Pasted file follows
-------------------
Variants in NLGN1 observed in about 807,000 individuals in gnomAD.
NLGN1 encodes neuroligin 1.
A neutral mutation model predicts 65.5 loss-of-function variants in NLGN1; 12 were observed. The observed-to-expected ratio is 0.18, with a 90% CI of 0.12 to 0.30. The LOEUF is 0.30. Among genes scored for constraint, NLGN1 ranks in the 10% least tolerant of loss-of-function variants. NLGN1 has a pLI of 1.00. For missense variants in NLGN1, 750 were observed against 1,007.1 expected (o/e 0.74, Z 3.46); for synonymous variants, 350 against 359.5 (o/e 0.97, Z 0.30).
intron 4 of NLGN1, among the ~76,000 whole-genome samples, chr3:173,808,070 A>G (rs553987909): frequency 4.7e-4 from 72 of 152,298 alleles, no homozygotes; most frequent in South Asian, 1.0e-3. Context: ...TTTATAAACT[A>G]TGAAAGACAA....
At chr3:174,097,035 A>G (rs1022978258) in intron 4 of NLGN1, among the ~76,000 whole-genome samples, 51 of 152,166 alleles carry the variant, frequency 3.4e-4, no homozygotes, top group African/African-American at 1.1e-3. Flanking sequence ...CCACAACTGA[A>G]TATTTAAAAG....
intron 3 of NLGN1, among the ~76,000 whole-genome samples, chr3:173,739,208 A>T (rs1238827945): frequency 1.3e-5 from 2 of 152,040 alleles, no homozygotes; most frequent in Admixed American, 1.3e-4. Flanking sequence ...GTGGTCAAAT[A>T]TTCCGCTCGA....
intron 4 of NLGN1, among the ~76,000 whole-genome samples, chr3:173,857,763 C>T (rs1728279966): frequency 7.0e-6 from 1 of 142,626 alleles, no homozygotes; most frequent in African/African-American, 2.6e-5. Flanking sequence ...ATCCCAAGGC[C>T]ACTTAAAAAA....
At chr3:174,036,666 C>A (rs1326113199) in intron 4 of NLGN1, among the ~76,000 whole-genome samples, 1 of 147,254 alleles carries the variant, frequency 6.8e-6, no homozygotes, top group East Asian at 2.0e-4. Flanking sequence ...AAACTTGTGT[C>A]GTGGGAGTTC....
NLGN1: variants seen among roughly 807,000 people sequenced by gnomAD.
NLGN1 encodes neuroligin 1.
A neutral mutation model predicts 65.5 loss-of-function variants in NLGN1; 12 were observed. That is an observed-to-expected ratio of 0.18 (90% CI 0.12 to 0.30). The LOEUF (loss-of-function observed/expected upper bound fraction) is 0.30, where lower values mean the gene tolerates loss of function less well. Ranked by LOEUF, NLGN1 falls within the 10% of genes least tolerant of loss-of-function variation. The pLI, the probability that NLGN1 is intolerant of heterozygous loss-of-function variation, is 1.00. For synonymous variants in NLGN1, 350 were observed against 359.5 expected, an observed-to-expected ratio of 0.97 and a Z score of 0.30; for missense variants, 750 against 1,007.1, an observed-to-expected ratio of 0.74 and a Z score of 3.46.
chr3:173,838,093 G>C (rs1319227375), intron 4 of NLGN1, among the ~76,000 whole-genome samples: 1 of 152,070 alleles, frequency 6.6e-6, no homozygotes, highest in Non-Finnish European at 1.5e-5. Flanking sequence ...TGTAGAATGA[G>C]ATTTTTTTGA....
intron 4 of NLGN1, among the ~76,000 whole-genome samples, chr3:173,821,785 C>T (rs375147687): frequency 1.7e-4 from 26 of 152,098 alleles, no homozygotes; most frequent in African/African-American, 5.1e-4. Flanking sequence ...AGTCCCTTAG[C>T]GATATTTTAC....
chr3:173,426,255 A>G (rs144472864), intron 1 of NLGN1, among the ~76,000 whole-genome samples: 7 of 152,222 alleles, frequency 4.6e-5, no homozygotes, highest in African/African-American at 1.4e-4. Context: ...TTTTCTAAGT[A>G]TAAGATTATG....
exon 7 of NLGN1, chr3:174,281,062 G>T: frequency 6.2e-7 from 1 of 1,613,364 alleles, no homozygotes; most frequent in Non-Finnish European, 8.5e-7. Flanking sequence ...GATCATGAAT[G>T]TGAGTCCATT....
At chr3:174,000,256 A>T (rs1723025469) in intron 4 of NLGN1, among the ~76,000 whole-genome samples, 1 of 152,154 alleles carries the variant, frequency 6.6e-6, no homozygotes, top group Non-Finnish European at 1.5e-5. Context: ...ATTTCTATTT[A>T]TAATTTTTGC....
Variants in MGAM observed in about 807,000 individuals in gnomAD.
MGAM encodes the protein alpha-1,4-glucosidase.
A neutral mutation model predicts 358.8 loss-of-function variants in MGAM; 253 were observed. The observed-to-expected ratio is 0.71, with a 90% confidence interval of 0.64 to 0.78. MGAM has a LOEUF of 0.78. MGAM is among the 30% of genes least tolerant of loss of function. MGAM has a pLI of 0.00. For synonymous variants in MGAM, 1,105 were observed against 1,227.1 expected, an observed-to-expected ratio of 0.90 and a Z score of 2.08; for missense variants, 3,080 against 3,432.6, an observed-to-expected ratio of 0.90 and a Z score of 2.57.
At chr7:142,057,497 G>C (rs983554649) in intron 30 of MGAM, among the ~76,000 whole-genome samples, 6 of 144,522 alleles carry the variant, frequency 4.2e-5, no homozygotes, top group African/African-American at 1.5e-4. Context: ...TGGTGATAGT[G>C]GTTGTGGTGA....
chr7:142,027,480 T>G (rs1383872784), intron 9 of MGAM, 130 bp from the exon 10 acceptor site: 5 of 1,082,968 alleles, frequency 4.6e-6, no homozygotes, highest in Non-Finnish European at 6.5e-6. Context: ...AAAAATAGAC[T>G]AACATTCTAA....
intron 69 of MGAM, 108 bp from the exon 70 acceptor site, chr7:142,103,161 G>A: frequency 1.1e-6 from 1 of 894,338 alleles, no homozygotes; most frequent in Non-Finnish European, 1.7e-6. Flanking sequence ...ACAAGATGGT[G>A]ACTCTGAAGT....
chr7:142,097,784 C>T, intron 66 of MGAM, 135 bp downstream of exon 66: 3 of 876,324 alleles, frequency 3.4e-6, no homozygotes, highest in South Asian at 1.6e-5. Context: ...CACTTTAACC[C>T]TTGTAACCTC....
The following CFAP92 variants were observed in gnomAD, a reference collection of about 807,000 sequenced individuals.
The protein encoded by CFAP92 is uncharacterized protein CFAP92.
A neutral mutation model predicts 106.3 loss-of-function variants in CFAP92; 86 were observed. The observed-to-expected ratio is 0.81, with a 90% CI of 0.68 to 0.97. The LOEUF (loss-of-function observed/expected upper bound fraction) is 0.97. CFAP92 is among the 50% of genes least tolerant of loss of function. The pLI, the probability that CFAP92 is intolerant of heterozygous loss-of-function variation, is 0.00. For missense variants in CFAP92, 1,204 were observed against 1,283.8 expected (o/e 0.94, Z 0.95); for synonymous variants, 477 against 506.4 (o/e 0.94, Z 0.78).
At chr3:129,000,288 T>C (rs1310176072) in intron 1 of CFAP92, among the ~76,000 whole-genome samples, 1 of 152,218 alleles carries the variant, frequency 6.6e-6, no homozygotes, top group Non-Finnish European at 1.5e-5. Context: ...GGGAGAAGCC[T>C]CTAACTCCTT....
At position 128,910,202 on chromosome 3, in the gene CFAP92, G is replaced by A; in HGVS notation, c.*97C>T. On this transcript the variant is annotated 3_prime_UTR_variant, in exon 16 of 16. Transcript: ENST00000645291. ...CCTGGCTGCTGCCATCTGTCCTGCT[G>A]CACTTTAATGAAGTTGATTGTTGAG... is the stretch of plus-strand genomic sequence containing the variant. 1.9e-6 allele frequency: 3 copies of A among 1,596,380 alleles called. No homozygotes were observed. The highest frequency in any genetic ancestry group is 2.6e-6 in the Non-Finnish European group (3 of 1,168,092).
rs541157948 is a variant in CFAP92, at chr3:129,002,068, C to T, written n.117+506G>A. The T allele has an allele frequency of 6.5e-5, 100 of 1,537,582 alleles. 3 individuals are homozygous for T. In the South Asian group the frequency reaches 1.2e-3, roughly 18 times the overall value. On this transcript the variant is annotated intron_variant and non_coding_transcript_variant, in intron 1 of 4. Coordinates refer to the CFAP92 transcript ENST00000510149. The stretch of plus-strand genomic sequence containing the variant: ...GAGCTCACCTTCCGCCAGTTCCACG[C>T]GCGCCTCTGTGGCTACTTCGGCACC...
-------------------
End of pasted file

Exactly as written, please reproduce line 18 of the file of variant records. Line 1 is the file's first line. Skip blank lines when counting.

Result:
MGAM encodes the protein alpha-1,4-glucosidase.